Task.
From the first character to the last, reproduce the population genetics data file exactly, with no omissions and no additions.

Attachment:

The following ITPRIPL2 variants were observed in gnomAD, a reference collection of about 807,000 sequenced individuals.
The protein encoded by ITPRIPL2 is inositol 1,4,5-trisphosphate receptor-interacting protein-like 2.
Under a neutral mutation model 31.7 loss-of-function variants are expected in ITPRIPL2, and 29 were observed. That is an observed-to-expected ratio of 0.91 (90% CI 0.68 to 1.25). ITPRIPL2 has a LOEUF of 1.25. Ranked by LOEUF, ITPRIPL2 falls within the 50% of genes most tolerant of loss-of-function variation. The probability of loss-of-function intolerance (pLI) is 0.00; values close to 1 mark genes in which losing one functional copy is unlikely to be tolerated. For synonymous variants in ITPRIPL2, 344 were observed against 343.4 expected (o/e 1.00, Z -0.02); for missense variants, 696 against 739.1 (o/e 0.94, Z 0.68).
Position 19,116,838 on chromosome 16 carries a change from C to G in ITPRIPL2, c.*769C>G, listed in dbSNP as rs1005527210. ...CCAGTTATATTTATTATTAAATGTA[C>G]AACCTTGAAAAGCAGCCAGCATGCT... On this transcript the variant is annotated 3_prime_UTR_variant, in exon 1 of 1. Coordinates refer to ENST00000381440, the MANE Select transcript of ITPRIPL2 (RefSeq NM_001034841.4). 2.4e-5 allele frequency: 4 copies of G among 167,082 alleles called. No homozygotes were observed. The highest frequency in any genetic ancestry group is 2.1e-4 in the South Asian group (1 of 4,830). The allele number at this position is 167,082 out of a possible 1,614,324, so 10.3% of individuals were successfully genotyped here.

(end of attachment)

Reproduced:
The following ITPRIPL2 variants were observed in gnomAD, a reference collection of about 807,000 sequenced individuals.
The protein encoded by ITPRIPL2 is inositol 1,4,5-trisphosphate receptor-interacting protein-like 2.
Under a neutral mutation model 31.7 loss-of-function variants are expected in ITPRIPL2, and 29 were observed. That is an observed-to-expected ratio of 0.91 (90% CI 0.68 to 1.25). ITPRIPL2 has a LOEUF of 1.25. Ranked by LOEUF, ITPRIPL2 falls within the 50% of genes most tolerant of loss-of-function variation. The probability of loss-of-function intolerance (pLI) is 0.00; values close to 1 mark genes in which losing one functional copy is unlikely to be tolerated. For synonymous variants in ITPRIPL2, 344 were observed against 343.4 expected (o/e 1.00, Z -0.02); for missense variants, 696 against 739.1 (o/e 0.94, Z 0.68).
Position 19,116,838 on chromosome 16 carries a change from C to G in ITPRIPL2, c.*769C>G, listed in dbSNP as rs1005527210. ...CCAGTTATATTTATTATTAAATGTA[C>G]AACCTTGAAAAGCAGCCAGCATGCT... On this transcript the variant is annotated 3_prime_UTR_variant, in exon 1 of 1. Coordinates refer to ENST00000381440, the MANE Select transcript of ITPRIPL2 (RefSeq NM_001034841.4). 2.4e-5 allele frequency: 4 copies of G among 167,082 alleles called. No homozygotes were observed. The highest frequency in any genetic ancestry group is 2.1e-4 in the South Asian group (1 of 4,830). The allele number at this position is 167,082 out of a possible 1,614,324, so 10.3% of individuals were successfully genotyped here.